Final paper - Aquinas and Aristotle

Final paper - Aquinas and Aristotle - Mallory Carlson...

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Mallory Carlson Professor Prior PHIL 11 21 March 2006 The Existence of God: Aquinas’ reconciliation of Christian faith and Aristotelian deduction As philosophical studies progressed from those of the ancient world to those of the Middle Ages, many modifications had to be made. By the time of the Middle Ages, Jesus had already come and past, marking a distinct religious change in the world. As religion (particularly Christianity) came to dominate the post-ancient world, philosophy adhered to its ancient roots, yet changed according to a new pious establishment. Of the many philosophers from the Middle Ages, one known particularly for his attempts to reconcile ancient philosophies with the religious changes made in his time was Thomas Aquinas. Aquinas was a Dominican monk who was also an Aristotelian. Naturally, the two seem to contradict each other, as being a monk implies a certain degree of faith in God, whereas being an Aristotelian assumes that there is no such thing as faith or a personal connection to God. As can be seen, Aquinas’ problem was both historical and philosophical in nature, for his quandary was to find a way in which to reconcile Aristotle’s reasoning with the faith obtained through Christianity. This problem was initially set into motion by the rationalist, pre-Socratic philosopher Xenophanes, who formed a monotheistic critique of traditional religion by arguing that God only exists as a type of abstract intelligence of which we have no knowledge. Adding to this theory was a later philosopher named Parmenides, who believed that not only do we have no knowledge of God, but that we know nothing of our immediate reality (i.e. matter and motion do not exist as we understand them). In response to Parmenides’ argument, Aristotle set forth to prove that motion does exist, and in doing so, he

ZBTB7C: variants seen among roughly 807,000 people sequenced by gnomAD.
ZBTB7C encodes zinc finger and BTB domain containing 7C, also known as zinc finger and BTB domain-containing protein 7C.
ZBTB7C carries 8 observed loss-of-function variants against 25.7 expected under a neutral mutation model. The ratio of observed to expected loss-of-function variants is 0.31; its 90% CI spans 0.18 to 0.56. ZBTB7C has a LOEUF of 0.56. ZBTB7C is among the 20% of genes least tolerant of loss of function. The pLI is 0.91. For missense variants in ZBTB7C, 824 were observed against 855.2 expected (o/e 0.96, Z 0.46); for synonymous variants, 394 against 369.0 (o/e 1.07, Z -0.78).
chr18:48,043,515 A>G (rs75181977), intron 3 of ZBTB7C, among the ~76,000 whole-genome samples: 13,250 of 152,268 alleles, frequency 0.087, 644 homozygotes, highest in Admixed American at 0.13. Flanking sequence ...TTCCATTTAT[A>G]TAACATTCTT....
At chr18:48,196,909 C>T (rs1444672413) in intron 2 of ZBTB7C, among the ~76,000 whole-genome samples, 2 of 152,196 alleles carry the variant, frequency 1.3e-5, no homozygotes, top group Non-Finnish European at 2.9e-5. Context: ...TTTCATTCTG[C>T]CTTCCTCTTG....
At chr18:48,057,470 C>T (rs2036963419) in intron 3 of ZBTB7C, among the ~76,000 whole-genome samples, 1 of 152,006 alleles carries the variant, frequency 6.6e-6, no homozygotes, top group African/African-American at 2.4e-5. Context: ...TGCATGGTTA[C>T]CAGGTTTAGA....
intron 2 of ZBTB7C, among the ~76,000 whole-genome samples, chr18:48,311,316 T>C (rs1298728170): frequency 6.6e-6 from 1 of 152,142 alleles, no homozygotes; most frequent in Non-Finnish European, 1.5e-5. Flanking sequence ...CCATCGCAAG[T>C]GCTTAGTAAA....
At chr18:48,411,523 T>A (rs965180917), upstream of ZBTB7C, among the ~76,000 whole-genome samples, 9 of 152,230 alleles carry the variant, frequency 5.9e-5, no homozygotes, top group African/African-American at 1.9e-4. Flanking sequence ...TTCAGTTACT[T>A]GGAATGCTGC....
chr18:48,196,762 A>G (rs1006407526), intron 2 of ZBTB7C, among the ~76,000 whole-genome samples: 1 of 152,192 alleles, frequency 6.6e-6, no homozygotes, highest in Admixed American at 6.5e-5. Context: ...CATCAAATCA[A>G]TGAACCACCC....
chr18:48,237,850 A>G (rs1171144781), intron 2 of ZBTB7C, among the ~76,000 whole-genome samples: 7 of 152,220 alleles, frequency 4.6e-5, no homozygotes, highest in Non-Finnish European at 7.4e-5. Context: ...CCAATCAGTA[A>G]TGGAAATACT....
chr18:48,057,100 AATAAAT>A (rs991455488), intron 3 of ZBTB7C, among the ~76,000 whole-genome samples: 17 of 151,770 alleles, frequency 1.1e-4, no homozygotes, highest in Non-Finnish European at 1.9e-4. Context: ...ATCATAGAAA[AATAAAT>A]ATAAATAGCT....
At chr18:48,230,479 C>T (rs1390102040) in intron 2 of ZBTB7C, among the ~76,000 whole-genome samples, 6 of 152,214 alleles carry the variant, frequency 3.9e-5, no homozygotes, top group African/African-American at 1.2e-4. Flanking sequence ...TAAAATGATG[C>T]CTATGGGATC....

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formulated a theory proving the existence of God – the UM, or the un-moved mover. Since Aristotle’s theory of God affirmed that God is not aware of or connected to us, and many Aristotelians of the Middle Ages were Christians, this disconnected view of both God and faith posed an obvious problem. Aquinas’ solution to this problem was to bridge the gap between reason and faith so that he could distinguish what can be known through both Aristotle and the Christian doctrine, while simultaneously upholding the inherent and concrete values suggested by both reason and faith. In order to understand the reasoning behind Aquinas’ attempt to create a pseudo- philosophy in which faith and reason co-exist, it is crucial to trace the origins of this problem back to the ancient philosophers. Born in 570 B.C., Xenophanes was among the first pre- Socratic philosophers to argue for the existence of “a single non-anthropomorphic god” along with proving the distinction between true knowledge and belief (CCR 21). So, he believed in the existence of a non-material and unchanging god who had no form and who exists only as a powerful and intelligent mind. However, he knew that this belief was not true knowledge,
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Final paper - Aquinas and Aristotle - Mallory Carlson...

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